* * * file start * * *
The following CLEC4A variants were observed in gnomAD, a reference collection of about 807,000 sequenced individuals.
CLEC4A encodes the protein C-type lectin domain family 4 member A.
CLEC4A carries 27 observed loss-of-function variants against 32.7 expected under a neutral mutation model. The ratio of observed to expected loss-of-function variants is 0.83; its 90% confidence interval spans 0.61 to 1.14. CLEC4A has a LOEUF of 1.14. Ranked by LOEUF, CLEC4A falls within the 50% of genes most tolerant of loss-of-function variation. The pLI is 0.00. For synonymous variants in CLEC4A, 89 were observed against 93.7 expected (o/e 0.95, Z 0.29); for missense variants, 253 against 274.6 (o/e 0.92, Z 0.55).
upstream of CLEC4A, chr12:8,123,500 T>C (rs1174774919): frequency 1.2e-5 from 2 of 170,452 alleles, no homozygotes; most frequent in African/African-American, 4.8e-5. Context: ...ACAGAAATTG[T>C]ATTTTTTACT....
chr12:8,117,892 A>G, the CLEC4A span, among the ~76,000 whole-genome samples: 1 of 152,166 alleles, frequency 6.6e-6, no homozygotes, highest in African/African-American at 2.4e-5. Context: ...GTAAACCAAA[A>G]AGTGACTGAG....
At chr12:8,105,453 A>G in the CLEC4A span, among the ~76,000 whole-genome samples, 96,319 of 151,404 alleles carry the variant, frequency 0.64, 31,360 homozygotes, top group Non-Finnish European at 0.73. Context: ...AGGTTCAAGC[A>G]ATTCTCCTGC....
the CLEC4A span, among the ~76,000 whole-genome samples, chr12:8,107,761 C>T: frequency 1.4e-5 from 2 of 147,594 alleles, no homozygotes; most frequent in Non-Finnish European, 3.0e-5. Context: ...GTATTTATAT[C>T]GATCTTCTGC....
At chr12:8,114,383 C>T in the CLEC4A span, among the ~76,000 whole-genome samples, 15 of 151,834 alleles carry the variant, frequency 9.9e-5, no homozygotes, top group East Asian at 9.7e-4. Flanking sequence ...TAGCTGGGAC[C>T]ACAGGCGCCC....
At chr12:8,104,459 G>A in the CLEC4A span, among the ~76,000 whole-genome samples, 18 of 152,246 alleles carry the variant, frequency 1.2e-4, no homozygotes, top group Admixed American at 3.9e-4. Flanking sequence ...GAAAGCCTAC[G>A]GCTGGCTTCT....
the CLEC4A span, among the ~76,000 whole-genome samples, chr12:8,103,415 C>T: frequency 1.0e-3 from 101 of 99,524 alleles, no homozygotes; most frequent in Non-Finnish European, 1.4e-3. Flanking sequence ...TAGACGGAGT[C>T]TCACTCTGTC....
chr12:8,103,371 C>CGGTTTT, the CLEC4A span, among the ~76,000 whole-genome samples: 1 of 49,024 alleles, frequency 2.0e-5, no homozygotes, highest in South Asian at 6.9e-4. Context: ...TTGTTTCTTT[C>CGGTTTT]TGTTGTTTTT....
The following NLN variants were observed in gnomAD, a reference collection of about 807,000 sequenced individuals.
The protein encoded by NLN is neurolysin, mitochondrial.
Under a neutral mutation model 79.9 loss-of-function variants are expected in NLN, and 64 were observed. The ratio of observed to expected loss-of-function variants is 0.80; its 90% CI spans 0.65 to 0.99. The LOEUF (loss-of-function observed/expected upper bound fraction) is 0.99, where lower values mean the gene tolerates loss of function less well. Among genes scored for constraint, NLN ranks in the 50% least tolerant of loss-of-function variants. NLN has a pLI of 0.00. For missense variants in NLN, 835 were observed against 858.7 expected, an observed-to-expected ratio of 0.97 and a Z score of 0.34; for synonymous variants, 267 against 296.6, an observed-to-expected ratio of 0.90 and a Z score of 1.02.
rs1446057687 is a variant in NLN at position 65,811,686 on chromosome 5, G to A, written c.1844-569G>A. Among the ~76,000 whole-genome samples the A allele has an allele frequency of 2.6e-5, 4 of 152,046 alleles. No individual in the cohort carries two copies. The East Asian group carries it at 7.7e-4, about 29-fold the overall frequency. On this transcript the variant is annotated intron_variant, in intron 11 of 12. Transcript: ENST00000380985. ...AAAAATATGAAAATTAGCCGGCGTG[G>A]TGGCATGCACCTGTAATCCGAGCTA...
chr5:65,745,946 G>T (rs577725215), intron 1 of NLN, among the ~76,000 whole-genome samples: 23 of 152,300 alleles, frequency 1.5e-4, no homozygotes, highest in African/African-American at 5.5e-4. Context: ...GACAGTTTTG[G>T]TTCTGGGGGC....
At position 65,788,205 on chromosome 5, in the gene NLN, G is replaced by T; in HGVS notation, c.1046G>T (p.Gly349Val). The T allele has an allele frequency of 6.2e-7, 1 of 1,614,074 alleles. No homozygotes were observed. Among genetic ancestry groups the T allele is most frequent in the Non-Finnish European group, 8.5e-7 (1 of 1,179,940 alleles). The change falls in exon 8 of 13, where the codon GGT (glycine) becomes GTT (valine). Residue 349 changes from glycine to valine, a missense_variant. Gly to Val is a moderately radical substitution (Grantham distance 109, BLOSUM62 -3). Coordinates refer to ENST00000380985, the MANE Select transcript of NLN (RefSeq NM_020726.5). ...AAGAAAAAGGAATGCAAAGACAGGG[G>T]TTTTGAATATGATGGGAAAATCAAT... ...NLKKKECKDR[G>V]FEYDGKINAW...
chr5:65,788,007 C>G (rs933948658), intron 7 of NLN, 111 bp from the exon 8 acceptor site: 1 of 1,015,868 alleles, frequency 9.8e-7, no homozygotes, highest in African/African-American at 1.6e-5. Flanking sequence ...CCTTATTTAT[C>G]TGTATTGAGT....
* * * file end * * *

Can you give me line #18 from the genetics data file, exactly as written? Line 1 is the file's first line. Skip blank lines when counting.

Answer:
chr5:65,788,007 C>G (rs933948658), intron 7 of NLN, 111 bp from the exon 8 acceptor site: 1 of 1,015,868 alleles, frequency 9.8e-7, no homozygotes, highest in African/African-American at 1.6e-5. Flanking sequence ...CCTTATTTAT[C>G]TGTATTGAGT....